Net neutrality on the ropes – a bad day for freedom

Douglas Crawford

Douglas Crawford

January 15, 2014

One of the founding principles of the internet is ‘net neutrality’, where all internet traffic is treated equally by Internet Service Providers and Governments, ‘not discriminating or charging differentially by user, content, site, platform, application, type of attached equipment, and modes of communication.’ (Wikipedia)

Net neutrality is a cornerstone of innovation and free expression, so yesterday’s ruling by the U.S. Court of Appeals for the District of Columbia Circuit is a body-blow to all ordinary internet users, but a victory for big business and the telecoms companies. The ruling ends a long running case between leading US telecoms giant Verizon, and the Federal Communications Commission (FCC) over its right to insist that broadband companies do not prioritise some traffic while restricting or blocking other traffic.

The 2010 FCC Open Internet Order (which did not itself go far enough in the view of net neutrality activists) applies to ‘common carriers’ (such as regular telecoms companies), and yesterday’s ruling means that it does not apply to broadband providers.

This is very bad for consumers and just about everyone who is not a US telecoms giant for the following reasons:

  • ISPs will be able to discriminate against content they don’t like. BitTorrent traffic is likely to be an early victim, but it also means that ISPs could discriminate against rivals (for example NetFlix)
  • They will be able to charge for preferential bandwidth, which means that websites and services which cannot afford  it will suffer downgraded performance. Big business will benefit from this at the expense of small businesses and free content providers
  • It further reduces competition among America’s already uncompetitive broadband providers, centralising power into the big backbone providers (who can discriminate against smaller companies who use their fiber-optic cables), allowing them to make more money while at the same disincentivizing them to improve services.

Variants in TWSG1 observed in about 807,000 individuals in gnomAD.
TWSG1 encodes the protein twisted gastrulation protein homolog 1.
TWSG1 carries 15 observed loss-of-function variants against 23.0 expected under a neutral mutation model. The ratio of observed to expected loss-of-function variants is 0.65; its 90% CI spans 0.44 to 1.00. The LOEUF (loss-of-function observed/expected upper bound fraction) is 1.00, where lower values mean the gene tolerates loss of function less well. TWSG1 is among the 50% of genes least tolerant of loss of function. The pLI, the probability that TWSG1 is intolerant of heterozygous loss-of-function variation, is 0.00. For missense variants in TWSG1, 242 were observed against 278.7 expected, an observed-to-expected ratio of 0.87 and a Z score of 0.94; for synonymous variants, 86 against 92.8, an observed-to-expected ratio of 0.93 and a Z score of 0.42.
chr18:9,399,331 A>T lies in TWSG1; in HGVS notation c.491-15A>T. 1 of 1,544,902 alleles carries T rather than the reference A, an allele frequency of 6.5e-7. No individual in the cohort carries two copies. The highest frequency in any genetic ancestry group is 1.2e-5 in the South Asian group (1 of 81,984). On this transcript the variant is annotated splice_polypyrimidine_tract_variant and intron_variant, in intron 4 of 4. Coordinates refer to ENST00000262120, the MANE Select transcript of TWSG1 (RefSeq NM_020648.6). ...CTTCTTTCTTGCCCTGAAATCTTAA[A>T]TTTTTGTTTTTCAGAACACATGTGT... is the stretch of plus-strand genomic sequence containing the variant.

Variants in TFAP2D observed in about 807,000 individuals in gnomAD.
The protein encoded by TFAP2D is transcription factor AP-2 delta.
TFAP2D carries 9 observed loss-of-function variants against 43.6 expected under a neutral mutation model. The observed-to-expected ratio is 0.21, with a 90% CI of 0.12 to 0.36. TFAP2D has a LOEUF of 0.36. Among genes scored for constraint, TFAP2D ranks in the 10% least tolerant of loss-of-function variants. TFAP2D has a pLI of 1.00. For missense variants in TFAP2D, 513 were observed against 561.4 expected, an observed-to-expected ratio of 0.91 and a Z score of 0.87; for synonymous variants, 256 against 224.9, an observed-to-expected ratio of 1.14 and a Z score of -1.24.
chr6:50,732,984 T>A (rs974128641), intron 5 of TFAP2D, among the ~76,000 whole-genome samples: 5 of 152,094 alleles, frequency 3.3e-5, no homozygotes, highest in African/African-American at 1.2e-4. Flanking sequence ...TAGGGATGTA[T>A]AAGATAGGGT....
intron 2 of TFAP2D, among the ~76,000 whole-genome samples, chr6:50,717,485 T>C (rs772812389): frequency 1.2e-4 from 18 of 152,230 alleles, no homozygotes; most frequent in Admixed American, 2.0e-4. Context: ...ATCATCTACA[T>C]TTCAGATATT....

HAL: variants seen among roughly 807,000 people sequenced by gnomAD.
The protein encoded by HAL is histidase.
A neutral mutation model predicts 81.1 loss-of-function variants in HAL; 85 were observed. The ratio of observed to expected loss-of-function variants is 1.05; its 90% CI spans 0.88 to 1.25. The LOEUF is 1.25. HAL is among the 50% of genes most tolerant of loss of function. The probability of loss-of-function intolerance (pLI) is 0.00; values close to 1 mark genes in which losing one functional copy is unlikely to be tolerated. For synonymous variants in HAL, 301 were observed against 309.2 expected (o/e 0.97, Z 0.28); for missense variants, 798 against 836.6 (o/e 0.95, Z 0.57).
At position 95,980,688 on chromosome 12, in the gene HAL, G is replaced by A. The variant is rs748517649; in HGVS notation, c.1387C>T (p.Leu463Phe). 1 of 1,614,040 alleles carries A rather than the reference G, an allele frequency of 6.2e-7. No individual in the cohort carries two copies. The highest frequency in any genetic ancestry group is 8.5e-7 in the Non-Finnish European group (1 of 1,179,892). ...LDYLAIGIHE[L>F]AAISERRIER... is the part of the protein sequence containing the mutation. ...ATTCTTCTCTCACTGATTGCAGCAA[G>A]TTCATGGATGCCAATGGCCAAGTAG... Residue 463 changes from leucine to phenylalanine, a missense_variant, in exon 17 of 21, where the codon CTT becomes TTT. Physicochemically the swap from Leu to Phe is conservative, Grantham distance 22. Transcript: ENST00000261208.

Craig Aaron, president of the Free Press Association, said of the ruling that ‘broadband providers will race to turn the open and vibrant Web into something that looks like cable TV. They’ll establish fast lanes for the few giant companies that can afford to pay exorbitant tolls and reserve the slow lanes for everyone else.’


Although a big blow, the FCC is determined to carry on fighting, ‘we will consider all available options, including those for appeal platform for innovation and expression, and operate in the interest of all Americans,’ said FCC chairman Tom Wheeler. These options include fighting it out again in the same court, or going to the Supreme Court. It is also possible that Congress will intervene.  If the FCC can define broadband providers under to the term ‘common carriers’ then it can regain regulatory control.

We can only keep our fingers crossed, as if the ruling stands it’s not just ordinary Americans who will suffer, but ordinary internet users worldwide who will be affected by the knock-on effects of crumbling internet neutrality, and whose own ISPs are likely to be a in much stronger position to demand similar control over their bandwidth to the detriment of just about everyone else.

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